Unused fire truck churning up controversy

By Sylvia Hall - bio | email

HURLEY, MS (WLOX) - When the East Central Fire Department got the newest addition to their fleet, Engine 10, back in 2004, they never thought it would spend the next four years in a garage.

"When we first bought it, we were happy with it,"  said East Central Fire Chief Corky Tigner.  "After the first 30 days, everything started going wrong with it."

Shortly afterward, the truck was parked in a garage at East Central's Big Point substation. It hasn't moved since. Members of the Jackson County Board of Supervisors only heard about the state of the truck a few weeks ago.

"There's no excuse for this kind of misuse of taxpayer money," said District 4 Supervisor Tommy Brodnax.

Brodnax said it's not just off the streets, it's completely shielded from the public.

"I went to take some pictures of it last Friday, and I couldn't," Brodnax said. "They have it locked up. It's unaccessible to the public, and it's a public vehicle."

It's not just Brodnax who's upset about Engine 10.  A picture of the truck posted on www.mywlox.com has already generated nearly 30 comments. Almost all of them express outrage at the idle truck and demand answers from authorities. Tigner said the answer is a simple one. The truck is broken.

"It is dangerous to use," Tigner said.  "It would either hurt or kill one of our firemen."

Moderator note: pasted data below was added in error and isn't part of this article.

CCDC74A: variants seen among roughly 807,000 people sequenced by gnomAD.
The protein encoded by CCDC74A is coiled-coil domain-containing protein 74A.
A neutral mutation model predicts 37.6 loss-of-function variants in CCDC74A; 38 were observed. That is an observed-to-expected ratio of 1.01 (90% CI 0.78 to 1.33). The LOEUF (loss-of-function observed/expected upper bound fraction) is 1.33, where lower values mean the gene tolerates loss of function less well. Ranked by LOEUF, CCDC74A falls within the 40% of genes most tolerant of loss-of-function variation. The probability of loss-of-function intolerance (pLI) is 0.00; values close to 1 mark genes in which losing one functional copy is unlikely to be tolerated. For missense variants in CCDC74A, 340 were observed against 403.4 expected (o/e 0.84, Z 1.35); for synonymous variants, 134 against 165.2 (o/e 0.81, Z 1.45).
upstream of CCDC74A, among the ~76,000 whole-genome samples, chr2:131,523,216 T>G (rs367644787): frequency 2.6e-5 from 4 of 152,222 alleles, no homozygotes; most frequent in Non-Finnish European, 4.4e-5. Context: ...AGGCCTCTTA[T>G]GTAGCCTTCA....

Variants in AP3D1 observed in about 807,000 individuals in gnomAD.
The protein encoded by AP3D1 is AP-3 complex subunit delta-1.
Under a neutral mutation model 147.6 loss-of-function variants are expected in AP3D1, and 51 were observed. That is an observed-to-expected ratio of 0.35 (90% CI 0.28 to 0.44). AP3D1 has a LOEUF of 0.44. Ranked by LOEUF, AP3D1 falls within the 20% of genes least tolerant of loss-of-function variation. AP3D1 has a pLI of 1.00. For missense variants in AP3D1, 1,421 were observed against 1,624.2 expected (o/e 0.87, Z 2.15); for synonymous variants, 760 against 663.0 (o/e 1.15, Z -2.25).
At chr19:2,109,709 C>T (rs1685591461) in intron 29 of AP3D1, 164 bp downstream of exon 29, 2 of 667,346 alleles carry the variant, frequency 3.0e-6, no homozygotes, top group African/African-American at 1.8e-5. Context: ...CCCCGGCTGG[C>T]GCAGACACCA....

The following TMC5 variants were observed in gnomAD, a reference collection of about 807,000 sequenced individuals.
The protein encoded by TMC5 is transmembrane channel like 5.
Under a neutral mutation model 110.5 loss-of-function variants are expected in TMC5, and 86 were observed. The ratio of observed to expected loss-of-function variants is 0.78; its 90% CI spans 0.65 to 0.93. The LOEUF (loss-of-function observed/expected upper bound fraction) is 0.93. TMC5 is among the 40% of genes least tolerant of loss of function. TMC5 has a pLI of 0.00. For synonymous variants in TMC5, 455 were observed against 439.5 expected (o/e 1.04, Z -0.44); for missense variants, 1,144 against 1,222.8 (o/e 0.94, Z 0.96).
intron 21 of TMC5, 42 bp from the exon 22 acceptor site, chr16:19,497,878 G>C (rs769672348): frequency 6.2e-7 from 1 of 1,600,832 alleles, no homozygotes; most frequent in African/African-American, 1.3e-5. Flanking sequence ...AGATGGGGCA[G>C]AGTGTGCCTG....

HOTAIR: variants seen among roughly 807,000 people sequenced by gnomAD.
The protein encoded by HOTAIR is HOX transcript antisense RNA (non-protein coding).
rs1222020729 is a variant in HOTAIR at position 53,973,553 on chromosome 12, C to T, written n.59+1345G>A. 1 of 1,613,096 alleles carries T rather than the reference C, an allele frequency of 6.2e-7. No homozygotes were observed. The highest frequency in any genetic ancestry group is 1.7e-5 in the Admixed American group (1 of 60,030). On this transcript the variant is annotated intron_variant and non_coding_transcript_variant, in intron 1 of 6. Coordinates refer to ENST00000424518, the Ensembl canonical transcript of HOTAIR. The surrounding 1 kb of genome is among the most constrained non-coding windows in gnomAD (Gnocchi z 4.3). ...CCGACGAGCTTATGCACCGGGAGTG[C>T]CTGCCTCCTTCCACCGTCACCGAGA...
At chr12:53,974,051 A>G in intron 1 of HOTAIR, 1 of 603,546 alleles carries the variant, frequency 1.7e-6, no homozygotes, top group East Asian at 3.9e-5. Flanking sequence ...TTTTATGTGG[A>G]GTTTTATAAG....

Tigner gave WLOX a three page long list of complaints he has with Engine 10. They range from a faulty engine to a water pump that he says once broke while firefighters were trying to save a home.

"This department voted not to use the truck again," Tigner said. "When they voted, I took it out of service on their vote, not mine."

Tigner said he hired a lawyer four years ago to file suit against the truck's manufacturer, E-One, who he said refuses to replace the truck. But a firefighter who wouldn't go on camera said the lawsuit wasn't filed until recently.

Calls to East Central Fire Department's lawyers weren't returned. East Central's County Supervisor Manley Barton said he believes the contraversy is a miscommunication, but he promises to get to the bottom of the issue.

"I will team up with him as much as I can to see that this issue is resolved in the best interest of the community," said Brodnax.

Engine 10's pricetag was $157,000. Tigner said even though Engine 10 is out of commission, there are still plenty of trucks to meet East Central Fire Department's needs.

For a picture and comments on Engine 10, log on to www.mywlox.com.